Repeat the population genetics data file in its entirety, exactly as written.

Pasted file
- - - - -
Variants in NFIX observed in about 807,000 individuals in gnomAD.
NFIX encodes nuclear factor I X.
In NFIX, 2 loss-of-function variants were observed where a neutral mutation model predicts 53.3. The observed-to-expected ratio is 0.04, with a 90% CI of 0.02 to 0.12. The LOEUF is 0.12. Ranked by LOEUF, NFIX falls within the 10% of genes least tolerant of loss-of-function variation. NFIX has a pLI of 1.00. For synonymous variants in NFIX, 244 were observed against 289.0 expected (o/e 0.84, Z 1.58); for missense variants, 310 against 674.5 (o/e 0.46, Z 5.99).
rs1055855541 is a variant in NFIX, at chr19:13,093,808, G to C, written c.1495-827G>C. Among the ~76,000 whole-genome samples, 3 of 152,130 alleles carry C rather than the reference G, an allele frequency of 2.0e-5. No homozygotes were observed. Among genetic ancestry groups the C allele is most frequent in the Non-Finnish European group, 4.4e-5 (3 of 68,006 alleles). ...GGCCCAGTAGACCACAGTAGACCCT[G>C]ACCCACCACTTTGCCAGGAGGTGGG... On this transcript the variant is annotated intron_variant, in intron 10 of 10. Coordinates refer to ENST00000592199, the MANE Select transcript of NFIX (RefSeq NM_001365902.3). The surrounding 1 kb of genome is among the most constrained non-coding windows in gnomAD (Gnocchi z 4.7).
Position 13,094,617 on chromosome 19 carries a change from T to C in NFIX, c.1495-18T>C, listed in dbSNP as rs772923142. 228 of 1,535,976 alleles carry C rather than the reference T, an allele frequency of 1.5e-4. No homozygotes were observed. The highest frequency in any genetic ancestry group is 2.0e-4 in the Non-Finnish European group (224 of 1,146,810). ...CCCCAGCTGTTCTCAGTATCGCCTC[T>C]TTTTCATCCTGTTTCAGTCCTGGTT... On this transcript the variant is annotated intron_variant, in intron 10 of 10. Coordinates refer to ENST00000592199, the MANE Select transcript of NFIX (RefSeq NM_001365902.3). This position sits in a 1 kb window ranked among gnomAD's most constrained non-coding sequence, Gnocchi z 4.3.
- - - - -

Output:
Variants in NFIX observed in about 807,000 individuals in gnomAD.
NFIX encodes nuclear factor I X.
In NFIX, 2 loss-of-function variants were observed where a neutral mutation model predicts 53.3. The observed-to-expected ratio is 0.04, with a 90% CI of 0.02 to 0.12. The LOEUF is 0.12. Ranked by LOEUF, NFIX falls within the 10% of genes least tolerant of loss-of-function variation. NFIX has a pLI of 1.00. For synonymous variants in NFIX, 244 were observed against 289.0 expected (o/e 0.84, Z 1.58); for missense variants, 310 against 674.5 (o/e 0.46, Z 5.99).
rs1055855541 is a variant in NFIX, at chr19:13,093,808, G to C, written c.1495-827G>C. Among the ~76,000 whole-genome samples, 3 of 152,130 alleles carry C rather than the reference G, an allele frequency of 2.0e-5. No homozygotes were observed. Among genetic ancestry groups the C allele is most frequent in the Non-Finnish European group, 4.4e-5 (3 of 68,006 alleles). ...GGCCCAGTAGACCACAGTAGACCCT[G>C]ACCCACCACTTTGCCAGGAGGTGGG... On this transcript the variant is annotated intron_variant, in intron 10 of 10. Coordinates refer to ENST00000592199, the MANE Select transcript of NFIX (RefSeq NM_001365902.3). The surrounding 1 kb of genome is among the most constrained non-coding windows in gnomAD (Gnocchi z 4.7).
Position 13,094,617 on chromosome 19 carries a change from T to C in NFIX, c.1495-18T>C, listed in dbSNP as rs772923142. 228 of 1,535,976 alleles carry C rather than the reference T, an allele frequency of 1.5e-4. No homozygotes were observed. The highest frequency in any genetic ancestry group is 2.0e-4 in the Non-Finnish European group (224 of 1,146,810). ...CCCCAGCTGTTCTCAGTATCGCCTC[T>C]TTTTCATCCTGTTTCAGTCCTGGTT... On this transcript the variant is annotated intron_variant, in intron 10 of 10. Coordinates refer to ENST00000592199, the MANE Select transcript of NFIX (RefSeq NM_001365902.3). This position sits in a 1 kb window ranked among gnomAD's most constrained non-coding sequence, Gnocchi z 4.3.